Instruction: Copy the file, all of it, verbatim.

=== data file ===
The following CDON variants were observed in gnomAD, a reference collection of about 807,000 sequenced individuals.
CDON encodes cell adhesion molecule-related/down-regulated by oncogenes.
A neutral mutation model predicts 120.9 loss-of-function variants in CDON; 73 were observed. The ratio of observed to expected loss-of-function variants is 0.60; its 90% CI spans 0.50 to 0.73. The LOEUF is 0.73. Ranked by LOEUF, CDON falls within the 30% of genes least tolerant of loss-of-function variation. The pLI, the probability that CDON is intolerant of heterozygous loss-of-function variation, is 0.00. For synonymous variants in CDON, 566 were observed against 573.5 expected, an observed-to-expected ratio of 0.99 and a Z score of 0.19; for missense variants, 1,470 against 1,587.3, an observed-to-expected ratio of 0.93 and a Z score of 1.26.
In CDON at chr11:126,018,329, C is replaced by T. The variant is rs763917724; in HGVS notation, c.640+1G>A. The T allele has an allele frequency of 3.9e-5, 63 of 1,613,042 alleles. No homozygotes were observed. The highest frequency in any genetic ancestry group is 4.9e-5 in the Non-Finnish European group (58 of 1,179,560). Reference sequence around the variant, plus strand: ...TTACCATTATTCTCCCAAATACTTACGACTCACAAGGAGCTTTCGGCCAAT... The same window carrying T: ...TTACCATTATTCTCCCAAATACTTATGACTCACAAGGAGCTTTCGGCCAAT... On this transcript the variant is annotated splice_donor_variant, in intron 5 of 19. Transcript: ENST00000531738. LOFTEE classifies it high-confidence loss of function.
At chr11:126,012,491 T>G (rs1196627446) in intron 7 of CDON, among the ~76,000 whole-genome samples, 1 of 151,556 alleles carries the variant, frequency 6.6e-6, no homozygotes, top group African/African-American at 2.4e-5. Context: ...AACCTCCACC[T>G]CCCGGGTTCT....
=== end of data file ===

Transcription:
The following CDON variants were observed in gnomAD, a reference collection of about 807,000 sequenced individuals.
CDON encodes cell adhesion molecule-related/down-regulated by oncogenes.
A neutral mutation model predicts 120.9 loss-of-function variants in CDON; 73 were observed. The ratio of observed to expected loss-of-function variants is 0.60; its 90% CI spans 0.50 to 0.73. The LOEUF is 0.73. Ranked by LOEUF, CDON falls within the 30% of genes least tolerant of loss-of-function variation. The pLI, the probability that CDON is intolerant of heterozygous loss-of-function variation, is 0.00. For synonymous variants in CDON, 566 were observed against 573.5 expected, an observed-to-expected ratio of 0.99 and a Z score of 0.19; for missense variants, 1,470 against 1,587.3, an observed-to-expected ratio of 0.93 and a Z score of 1.26.
In CDON at chr11:126,018,329, C is replaced by T. The variant is rs763917724; in HGVS notation, c.640+1G>A. The T allele has an allele frequency of 3.9e-5, 63 of 1,613,042 alleles. No homozygotes were observed. The highest frequency in any genetic ancestry group is 4.9e-5 in the Non-Finnish European group (58 of 1,179,560). Reference sequence around the variant, plus strand: ...TTACCATTATTCTCCCAAATACTTACGACTCACAAGGAGCTTTCGGCCAAT... The same window carrying T: ...TTACCATTATTCTCCCAAATACTTATGACTCACAAGGAGCTTTCGGCCAAT... On this transcript the variant is annotated splice_donor_variant, in intron 5 of 19. Transcript: ENST00000531738. LOFTEE classifies it high-confidence loss of function.
At chr11:126,012,491 T>G (rs1196627446) in intron 7 of CDON, among the ~76,000 whole-genome samples, 1 of 151,556 alleles carries the variant, frequency 6.6e-6, no homozygotes, top group African/African-American at 2.4e-5. Context: ...AACCTCCACC[T>G]CCCGGGTTCT....